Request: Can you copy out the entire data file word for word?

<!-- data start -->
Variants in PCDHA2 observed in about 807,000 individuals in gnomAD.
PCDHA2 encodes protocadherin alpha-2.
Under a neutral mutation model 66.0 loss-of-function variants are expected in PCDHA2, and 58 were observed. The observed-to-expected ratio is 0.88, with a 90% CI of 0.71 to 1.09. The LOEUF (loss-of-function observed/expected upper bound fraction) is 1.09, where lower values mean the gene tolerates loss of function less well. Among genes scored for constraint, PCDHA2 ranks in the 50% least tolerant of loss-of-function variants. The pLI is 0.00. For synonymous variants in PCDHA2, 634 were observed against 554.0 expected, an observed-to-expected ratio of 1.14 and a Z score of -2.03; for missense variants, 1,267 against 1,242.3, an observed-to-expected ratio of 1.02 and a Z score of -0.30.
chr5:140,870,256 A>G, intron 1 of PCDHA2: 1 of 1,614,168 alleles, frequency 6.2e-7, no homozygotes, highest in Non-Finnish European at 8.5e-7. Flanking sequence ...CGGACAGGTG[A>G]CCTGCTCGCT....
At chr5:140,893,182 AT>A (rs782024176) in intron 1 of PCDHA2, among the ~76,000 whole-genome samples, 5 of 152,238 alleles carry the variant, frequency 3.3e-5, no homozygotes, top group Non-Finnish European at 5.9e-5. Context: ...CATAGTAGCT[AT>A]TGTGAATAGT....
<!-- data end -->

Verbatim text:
Variants in PCDHA2 observed in about 807,000 individuals in gnomAD.
PCDHA2 encodes protocadherin alpha-2.
Under a neutral mutation model 66.0 loss-of-function variants are expected in PCDHA2, and 58 were observed. The observed-to-expected ratio is 0.88, with a 90% CI of 0.71 to 1.09. The LOEUF (loss-of-function observed/expected upper bound fraction) is 1.09, where lower values mean the gene tolerates loss of function less well. Among genes scored for constraint, PCDHA2 ranks in the 50% least tolerant of loss-of-function variants. The pLI is 0.00. For synonymous variants in PCDHA2, 634 were observed against 554.0 expected, an observed-to-expected ratio of 1.14 and a Z score of -2.03; for missense variants, 1,267 against 1,242.3, an observed-to-expected ratio of 1.02 and a Z score of -0.30.
chr5:140,870,256 A>G, intron 1 of PCDHA2: 1 of 1,614,168 alleles, frequency 6.2e-7, no homozygotes, highest in Non-Finnish European at 8.5e-7. Flanking sequence ...CGGACAGGTG[A>G]CCTGCTCGCT....
At chr5:140,893,182 AT>A (rs782024176) in intron 1 of PCDHA2, among the ~76,000 whole-genome samples, 5 of 152,238 alleles carry the variant, frequency 3.3e-5, no homozygotes, top group Non-Finnish European at 5.9e-5. Context: ...CATAGTAGCT[AT>A]TGTGAATAGT....